Mobile World Congress: What’s MWC without iPhone?
BARCELONA – Several industry heavyweights were charged with tackling the open mobile ecosystem in a Mobile World Congress (MWC) keynote Tuesday that left some audience members amused, and at least one man somewhat annoyed.
After each CEO – AT&T Mobile’s Ralph de la Vega, Nokia’s Olli-Pekka Kallasvuo and Microsoft’s Steve Ballmer – gave a presentation, Walt Mossberg of The Walt Street Journal moderated a discussion that included questions about the Apple iPhone. During the Q&A session with the audience, one man from Denmark asked if the U.S.-dominated panel could focus on the 99 percent of phone users around the world who are not among the tiny percentage of iPhone users.
Ballmer laughed, saying, “It’s OK with us,” referring to himself and Kallasvuo, who was sitting next to him. “I’m with you,” he said to the questioner, adding that a lot of work still needs to be done to get the world talking about devices other than the iPhone. Apple doesn’t have a formal presence at MWC, but it’s nevertheless a dominant topic.
De la Vega added, however, that 99 or so percent of the people at Mobile World Congress are trying to copy everything Apple did with the iPhone. (Mossberg noted that some things actually do start in the United States, and right about that time, he said he was – honestly – given a note saying it was time to end the session, which had already gone about an hour over its pre-scheduled time.)
On a more serious note, de la Vega equated today’s incompatibility problems to that of SMS in the United States in 2002, before interoperability between operators. Once the interoperability was addressed and partnerships were put into place, that part of the industry went from $26 million in revenue to $5 billion.
Today, customers want to use apps on any device without having to worry about the operating systems, he said. “We now have islands of applications,” and those islands will need to come down.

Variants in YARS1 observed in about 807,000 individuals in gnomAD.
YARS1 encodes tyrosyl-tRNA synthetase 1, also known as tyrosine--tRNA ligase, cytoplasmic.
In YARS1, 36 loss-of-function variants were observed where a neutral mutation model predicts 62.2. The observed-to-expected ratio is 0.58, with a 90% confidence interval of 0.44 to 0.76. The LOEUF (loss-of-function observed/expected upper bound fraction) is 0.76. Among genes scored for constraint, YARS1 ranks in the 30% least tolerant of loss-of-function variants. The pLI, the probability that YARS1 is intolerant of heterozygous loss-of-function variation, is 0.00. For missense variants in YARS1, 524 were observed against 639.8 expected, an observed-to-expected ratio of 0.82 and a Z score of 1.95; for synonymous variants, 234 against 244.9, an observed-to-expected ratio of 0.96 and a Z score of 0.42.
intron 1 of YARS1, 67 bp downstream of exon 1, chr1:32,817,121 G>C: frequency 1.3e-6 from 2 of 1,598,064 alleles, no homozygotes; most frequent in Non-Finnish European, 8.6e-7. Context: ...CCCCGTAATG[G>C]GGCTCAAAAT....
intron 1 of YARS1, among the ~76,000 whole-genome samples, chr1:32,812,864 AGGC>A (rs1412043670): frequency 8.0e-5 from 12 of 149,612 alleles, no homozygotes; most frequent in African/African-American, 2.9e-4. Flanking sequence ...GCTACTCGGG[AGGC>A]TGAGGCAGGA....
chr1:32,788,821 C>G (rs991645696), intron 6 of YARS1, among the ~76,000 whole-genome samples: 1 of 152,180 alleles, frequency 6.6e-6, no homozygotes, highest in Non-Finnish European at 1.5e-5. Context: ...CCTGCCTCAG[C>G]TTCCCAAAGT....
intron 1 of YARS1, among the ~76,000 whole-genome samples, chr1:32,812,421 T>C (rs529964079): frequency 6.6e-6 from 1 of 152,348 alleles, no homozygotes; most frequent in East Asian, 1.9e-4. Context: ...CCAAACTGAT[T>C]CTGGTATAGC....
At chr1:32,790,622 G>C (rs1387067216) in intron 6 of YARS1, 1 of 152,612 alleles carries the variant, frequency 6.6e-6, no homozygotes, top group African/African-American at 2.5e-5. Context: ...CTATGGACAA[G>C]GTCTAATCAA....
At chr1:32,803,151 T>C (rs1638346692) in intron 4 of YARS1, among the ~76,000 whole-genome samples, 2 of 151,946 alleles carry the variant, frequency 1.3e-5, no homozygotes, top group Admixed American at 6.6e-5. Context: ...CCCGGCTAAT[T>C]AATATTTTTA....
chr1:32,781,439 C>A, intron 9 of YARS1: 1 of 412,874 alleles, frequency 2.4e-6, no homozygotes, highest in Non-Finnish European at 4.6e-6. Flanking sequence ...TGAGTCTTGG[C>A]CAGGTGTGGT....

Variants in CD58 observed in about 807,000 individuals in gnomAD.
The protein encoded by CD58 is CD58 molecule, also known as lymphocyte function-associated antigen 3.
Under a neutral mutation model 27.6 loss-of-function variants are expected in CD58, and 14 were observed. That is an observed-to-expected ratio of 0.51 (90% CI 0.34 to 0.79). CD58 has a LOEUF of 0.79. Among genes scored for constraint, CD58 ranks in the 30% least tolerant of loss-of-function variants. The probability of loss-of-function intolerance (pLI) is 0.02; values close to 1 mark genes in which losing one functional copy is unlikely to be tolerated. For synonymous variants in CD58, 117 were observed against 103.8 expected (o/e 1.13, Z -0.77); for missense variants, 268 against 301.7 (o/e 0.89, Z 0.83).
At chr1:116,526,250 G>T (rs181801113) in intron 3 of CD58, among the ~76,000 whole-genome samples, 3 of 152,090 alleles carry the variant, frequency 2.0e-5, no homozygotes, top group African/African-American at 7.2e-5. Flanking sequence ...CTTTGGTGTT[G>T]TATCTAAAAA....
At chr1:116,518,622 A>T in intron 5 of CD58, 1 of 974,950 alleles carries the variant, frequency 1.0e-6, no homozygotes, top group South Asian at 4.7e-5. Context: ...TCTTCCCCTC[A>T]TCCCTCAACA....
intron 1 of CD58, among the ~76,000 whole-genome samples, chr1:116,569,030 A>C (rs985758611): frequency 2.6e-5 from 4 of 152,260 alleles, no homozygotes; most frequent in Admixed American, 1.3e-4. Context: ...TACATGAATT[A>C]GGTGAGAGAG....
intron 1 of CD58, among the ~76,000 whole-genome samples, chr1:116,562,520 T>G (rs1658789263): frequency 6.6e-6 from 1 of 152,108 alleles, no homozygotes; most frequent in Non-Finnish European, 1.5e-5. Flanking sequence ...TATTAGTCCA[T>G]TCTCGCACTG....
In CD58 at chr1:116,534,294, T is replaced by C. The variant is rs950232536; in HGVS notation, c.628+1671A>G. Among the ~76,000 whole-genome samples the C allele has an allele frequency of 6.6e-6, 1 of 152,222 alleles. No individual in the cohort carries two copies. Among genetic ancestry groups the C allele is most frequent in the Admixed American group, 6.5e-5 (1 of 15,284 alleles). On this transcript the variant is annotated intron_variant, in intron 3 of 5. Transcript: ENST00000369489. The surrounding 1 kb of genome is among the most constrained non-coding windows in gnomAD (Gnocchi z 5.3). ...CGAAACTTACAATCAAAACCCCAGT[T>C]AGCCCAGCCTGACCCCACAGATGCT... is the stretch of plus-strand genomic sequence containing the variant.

In an apparent reference to comments at MWC by former Vodafone Chief Arun Sarin, de la Vega noted that a year ago, industry leaders called for just a handful of operating systems. Instead, more have been added, bringing the number of operating systems to nine. Developers need some common standards and programming interfaces if the ecosystem is to be successful.
Ballmer said he doesn’t think the industry will have nine platforms for the next 10 years; it will probably shake out to a couple or three. But he also said many of the applications are merely front ends to Web sites, where people can buy all kinds of things.
The keynoters were tasked to address the complex issue: moving toward an open mobile ecosystem when many people hold many definitions of “open.” Kallasvuo, who at one point noted the vertical, closed nature of Apple’s iPhone model, said going to an open model represents change, but where there’s a will, there’s a way. Case in point: Nokia and Qualcomm, which for years have been bitter rivals in courts over intellectual property rights, struck a deal to work together to develop advanced UMTS devices. “Yes, with Qualcomm,” Kallasvuo lightheartedly emphasized to the delight of audience members.